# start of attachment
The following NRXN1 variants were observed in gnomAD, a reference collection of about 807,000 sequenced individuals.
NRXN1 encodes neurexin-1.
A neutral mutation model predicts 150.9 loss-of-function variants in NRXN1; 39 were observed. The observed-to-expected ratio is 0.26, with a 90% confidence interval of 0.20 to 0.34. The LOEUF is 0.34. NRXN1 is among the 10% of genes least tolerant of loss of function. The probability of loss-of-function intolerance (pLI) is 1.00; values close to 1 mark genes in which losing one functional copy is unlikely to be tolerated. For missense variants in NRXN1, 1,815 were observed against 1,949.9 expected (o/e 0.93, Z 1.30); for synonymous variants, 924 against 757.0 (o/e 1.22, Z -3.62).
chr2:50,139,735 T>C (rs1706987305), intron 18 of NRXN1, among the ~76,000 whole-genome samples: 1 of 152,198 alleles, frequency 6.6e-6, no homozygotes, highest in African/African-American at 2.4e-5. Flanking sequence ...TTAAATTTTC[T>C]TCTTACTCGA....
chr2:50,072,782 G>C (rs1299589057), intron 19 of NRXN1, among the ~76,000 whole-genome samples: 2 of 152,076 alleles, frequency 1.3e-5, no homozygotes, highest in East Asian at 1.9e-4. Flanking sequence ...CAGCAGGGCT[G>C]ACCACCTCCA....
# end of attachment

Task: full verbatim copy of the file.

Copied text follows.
The following NRXN1 variants were observed in gnomAD, a reference collection of about 807,000 sequenced individuals.
NRXN1 encodes neurexin-1.
A neutral mutation model predicts 150.9 loss-of-function variants in NRXN1; 39 were observed. The observed-to-expected ratio is 0.26, with a 90% confidence interval of 0.20 to 0.34. The LOEUF is 0.34. NRXN1 is among the 10% of genes least tolerant of loss of function. The probability of loss-of-function intolerance (pLI) is 1.00; values close to 1 mark genes in which losing one functional copy is unlikely to be tolerated. For missense variants in NRXN1, 1,815 were observed against 1,949.9 expected (o/e 0.93, Z 1.30); for synonymous variants, 924 against 757.0 (o/e 1.22, Z -3.62).
chr2:50,139,735 T>C (rs1706987305), intron 18 of NRXN1, among the ~76,000 whole-genome samples: 1 of 152,198 alleles, frequency 6.6e-6, no homozygotes, highest in African/African-American at 2.4e-5. Flanking sequence ...TTAAATTTTC[T>C]TCTTACTCGA....
chr2:50,072,782 G>C (rs1299589057), intron 19 of NRXN1, among the ~76,000 whole-genome samples: 2 of 152,076 alleles, frequency 1.3e-5, no homozygotes, highest in East Asian at 1.9e-4. Flanking sequence ...CAGCAGGGCT[G>C]ACCACCTCCA....